Opposition and authorities start preparations for local elections in 2018
The authorities aim to depoliticise society before the 2017/2018 electoral campaign, while the opposition only starts developing the agenda for the local elections. During the upcoming elections, the Belarusian authorities are likely to use a combined approach, i.e. to demotivate supporters of the opposition and ensure maximum turnout of the loyal electorate. In addition, amid attempts to normalise relations with western capitals, the authorities could allow better representation of political parties in elected bodies.
Belarusian political parties lack a common agenda for the local elections, and most of the opposition is distracted by the Russia-led joint military exercises Zapad-2017. As the exercises draw to an end, tension between the supporters of a boycott and those willing to participate in the election campaign could deteriorate. That said, the majority of the opposition political parties with developed regional structures plan to participate in the upcoming elections and nominate their candidates. Some organisations could attempt to lower barriers and engage many new activists with no experience in politics and who had not been nominated earlier.
Loyal political parties are likely to boost their activity too, especially in Minsk and large cities, and could win more seats in elected bodies. Perhaps, the authorities' refusal to implement previously announced changes to the electoral code could be offset by somewhat enhancing the role of parties and developing the party system in Belarus.
Yet the Belarusian leadership has not made a final decision about the scenario for the new electoral cycle, which will start in 2018 with local elections. The Central Election Commission head, Lidia Yarmoshina, emphasised, that the parliamentary and the presidential campaigns, which coincide in time in 2020, would be held separately. Indirectly, her statement refuted rumours about the possible combination of the local elections with a referendum to extend Lukashenka’s powers and reset his fifth term as the president.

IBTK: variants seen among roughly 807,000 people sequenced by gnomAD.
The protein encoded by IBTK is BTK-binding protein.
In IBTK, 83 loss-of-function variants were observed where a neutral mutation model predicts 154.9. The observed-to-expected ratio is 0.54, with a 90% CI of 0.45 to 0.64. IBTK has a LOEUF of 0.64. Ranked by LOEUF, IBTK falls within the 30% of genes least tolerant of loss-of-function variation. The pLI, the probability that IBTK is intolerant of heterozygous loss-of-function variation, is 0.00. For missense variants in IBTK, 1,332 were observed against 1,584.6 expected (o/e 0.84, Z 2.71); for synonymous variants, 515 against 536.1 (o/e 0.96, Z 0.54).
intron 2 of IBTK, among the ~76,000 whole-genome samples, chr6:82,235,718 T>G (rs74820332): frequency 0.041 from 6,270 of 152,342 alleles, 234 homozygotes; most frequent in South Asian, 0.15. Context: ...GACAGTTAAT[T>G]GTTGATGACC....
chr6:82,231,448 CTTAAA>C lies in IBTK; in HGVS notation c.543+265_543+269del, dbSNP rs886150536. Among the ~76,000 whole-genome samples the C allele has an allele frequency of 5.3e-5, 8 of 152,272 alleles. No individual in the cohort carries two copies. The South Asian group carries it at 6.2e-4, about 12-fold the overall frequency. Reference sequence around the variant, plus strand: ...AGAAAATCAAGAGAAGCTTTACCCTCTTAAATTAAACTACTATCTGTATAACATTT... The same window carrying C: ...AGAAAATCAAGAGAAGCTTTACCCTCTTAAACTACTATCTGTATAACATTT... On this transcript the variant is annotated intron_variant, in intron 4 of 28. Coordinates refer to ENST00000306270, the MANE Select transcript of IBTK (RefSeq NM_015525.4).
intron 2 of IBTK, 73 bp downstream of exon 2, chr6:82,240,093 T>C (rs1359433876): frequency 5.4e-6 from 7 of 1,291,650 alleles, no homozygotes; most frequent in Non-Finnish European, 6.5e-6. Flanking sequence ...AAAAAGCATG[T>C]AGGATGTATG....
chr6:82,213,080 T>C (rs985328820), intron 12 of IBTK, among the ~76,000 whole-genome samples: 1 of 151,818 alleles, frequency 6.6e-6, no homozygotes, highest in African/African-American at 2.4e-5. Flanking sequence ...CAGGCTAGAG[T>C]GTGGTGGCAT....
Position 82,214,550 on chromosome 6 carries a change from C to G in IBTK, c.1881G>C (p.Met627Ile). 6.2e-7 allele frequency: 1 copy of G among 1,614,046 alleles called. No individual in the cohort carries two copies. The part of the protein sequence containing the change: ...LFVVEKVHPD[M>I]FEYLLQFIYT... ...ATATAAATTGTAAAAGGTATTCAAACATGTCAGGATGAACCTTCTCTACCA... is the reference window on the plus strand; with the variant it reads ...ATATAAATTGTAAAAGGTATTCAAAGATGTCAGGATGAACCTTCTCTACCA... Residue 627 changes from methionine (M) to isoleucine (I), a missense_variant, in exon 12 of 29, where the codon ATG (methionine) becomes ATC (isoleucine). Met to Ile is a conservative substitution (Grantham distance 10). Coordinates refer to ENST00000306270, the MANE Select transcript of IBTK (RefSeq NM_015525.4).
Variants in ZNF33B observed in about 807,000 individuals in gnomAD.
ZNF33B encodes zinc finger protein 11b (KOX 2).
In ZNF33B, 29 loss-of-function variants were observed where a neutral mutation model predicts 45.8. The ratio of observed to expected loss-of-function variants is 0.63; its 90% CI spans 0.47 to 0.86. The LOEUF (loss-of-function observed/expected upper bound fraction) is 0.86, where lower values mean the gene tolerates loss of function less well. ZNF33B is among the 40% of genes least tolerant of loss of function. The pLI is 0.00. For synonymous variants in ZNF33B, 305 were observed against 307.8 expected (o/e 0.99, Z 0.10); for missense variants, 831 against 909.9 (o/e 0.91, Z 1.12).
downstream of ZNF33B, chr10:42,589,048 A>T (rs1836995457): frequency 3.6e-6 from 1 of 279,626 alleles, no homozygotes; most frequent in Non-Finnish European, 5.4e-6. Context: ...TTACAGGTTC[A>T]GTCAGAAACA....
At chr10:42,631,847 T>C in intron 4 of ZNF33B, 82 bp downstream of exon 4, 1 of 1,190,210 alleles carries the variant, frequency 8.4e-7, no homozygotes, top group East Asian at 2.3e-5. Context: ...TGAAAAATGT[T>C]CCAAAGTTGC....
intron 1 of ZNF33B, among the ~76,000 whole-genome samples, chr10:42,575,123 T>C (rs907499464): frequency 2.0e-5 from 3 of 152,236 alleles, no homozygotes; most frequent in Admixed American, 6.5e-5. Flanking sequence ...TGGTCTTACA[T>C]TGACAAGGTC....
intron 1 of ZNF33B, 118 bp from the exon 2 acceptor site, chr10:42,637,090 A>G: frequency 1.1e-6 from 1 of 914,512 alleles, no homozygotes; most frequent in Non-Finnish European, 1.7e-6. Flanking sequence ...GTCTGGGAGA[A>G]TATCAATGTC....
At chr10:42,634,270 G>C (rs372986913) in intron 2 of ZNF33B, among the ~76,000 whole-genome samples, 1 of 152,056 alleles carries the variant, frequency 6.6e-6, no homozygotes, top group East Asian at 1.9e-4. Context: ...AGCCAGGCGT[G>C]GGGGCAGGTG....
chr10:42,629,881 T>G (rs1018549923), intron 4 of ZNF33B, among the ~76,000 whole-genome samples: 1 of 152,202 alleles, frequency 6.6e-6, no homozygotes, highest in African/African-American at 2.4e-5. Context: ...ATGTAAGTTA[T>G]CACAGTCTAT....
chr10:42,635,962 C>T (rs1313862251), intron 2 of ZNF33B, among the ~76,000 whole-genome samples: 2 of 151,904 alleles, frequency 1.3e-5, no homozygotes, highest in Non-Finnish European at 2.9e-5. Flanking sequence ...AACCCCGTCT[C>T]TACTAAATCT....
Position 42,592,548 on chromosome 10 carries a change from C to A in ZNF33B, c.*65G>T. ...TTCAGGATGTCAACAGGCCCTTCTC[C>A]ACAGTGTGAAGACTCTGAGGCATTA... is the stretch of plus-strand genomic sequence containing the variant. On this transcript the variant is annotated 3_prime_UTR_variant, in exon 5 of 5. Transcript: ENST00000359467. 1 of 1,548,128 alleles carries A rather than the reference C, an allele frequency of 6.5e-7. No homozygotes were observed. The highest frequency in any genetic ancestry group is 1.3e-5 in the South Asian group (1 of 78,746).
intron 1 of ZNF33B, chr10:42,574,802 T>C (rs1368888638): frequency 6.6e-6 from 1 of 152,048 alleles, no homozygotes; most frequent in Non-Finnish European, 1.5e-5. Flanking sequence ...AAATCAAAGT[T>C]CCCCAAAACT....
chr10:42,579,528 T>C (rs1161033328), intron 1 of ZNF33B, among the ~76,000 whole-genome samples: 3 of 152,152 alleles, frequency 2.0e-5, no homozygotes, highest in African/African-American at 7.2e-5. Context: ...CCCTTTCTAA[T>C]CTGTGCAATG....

President Lukashenka continues to rotate staff and rejuvenate heads of departments and universities following new appointments in regional administrations. Apparently, new Information Minister Karliukevich could somewhat relax the state policy towards the independent media and introduce technological solutions for retaining control over Belarus’ information space. New rectors could strengthen the trend for soft Belarusization in the regions and tighten the disciplinary and ideological control over the student movement in the capital.
President Lukashenka has appointed new ministers of culture and information, the new rector of the Belarusian State University and heads of three universities, assistants in the Minsk and Vitebsk regions.
The new Information Minister Karliukevich is likely to avoid controversial initiatives similar to those former Minister Ananich was famous for, however, certainly within his capacities. Nevertheless, the appointment of Belarusian-speaking writer Karliukevich could be regarded as the state’s cautious attempt to relax environment in the media field and ensure the sovereignty of national media.
The Belarusian leadership has consolidated the trend for mild Belarusization by appointing a young historian and a ‘reasonable nationalist’, Duk as the rector at the Kuleshov State University in Mogilev. Meanwhile, while choosing the head of the Belarusian State University, the president apparently had in mind the strengthening of the ideological loyalty among the teaching staff and students at the main university in order to keep the youth movement at bay. Previously, Korol was the rector of the Kupala State University in Grodno, where he held purges among the disloyal teaching staff.
The trend for the renewal of mid-ranking executives and their rejuvenation has confirmed. The age of the Culture Minister and three new rectors varies from 39 to 44 years old.